Running Time: 10 hours
Narrated by: Lauren Ambrose and Carlos Santos
Original Publication Year: 2011
Genre(s): Science Fiction, Young Adult, Mystery/Suspense
Series: Across the Universe, Book 1
A generation ship, the Godspeed, travels from Earth with a terra forming mission on a new planet 300 years away. People with essential skills have been recruited to travel as frozen cargo, to be awakened upon touchdown on Centauri-Earth. Among those chosen are 17 year old Amy’s two parents. So although she is considered non-essential she is also frozen and provided a berth on the ship. But these frozen folks aren’t the only residents of Godspeed. The ship is also home to almost 3000 souls who operate the ship and live and have children and die onboard.
When Amy is violently awakened from her cryosleep 50 years before the ship is meant to land she finds a confusing and alien situation on the ship. The only people that act normally are in the mental ward of the ship's hospital and everyone is under the tyrannical rule of the ship's leader called Eldest. His successor Elder is about Amy’s age and is one of the first people she encounters upon waking. They become allies in a rebellion they don’t entirely realize they’re waging.
The framework for the book is alternating chapters between Amy and Elder’s perspectives which I think is pretty effective and gives you two different perspectives of what’s happening on the ship. The plot is centered on a number of mysteries and ethical questions raised by the unique situation. Very little on the ship is what it seems. As happened to Amy, someone is waking the cryo-sleepers too early seemingly with the intent of killing them (two die and a few others are rescued). Who is doing this and why? Why does everyone on Godspeed act almost mindless and without independence? Who is Elder exactly and why is Eldest so reluctant to teach him what he must know to succeed him? Who is the mysterious Orion who pops up from time to time? Is there ever a time when tyranny is okay? Is it ever okay to lie? Can people really live generations in a closed ship in space without going mad?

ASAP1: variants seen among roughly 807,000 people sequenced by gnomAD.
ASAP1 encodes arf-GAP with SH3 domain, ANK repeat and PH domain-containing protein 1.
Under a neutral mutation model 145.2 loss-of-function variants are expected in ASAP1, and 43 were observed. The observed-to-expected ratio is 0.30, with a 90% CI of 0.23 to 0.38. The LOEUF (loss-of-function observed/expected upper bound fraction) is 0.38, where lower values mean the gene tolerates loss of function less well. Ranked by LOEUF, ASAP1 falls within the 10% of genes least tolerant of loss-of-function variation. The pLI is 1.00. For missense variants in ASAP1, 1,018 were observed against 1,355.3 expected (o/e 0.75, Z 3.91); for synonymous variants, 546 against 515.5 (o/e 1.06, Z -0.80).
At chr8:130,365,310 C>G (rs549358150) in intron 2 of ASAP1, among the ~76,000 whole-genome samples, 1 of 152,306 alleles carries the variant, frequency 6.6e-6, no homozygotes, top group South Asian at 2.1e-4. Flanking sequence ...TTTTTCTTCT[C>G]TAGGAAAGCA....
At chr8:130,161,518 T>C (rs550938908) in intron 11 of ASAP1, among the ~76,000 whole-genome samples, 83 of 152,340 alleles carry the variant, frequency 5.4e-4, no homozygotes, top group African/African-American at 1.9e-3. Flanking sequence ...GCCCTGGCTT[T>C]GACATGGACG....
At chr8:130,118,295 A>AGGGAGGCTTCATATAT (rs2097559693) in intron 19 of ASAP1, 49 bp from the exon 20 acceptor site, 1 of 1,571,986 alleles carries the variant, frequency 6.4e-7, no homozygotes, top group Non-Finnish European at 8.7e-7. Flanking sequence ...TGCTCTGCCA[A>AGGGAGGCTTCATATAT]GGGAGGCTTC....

I am of two minds about this book which is a state I frequently find myself in when reading Young Adult fiction. I think the unhappy part of my reaction usually has to do with the protagonists who are usually teenagers. Because the primary audience for young adult books is teenagers the teenage protagonists are often validated in their actions and thoughts. Now I’ve been a teenager and I look back at being that age and I realize how completely ignorant and clueless I was about life and the world. For most teenagers, I think the world is a much more black and white place and the complexity of gray that comes with more experience and age is unrecognized. So when a teenage character is screeching about the black or the white of a situation when it is very clearly gray and yet the character is validated to a degree that their screechiness leads to some leadership position which no teenager ever should ever be given…well it irritates a bit. I do realize the most fool proof solution to my irritation is to stop reading YA but apparently I prefer reading it and then being persnickety. Sorry.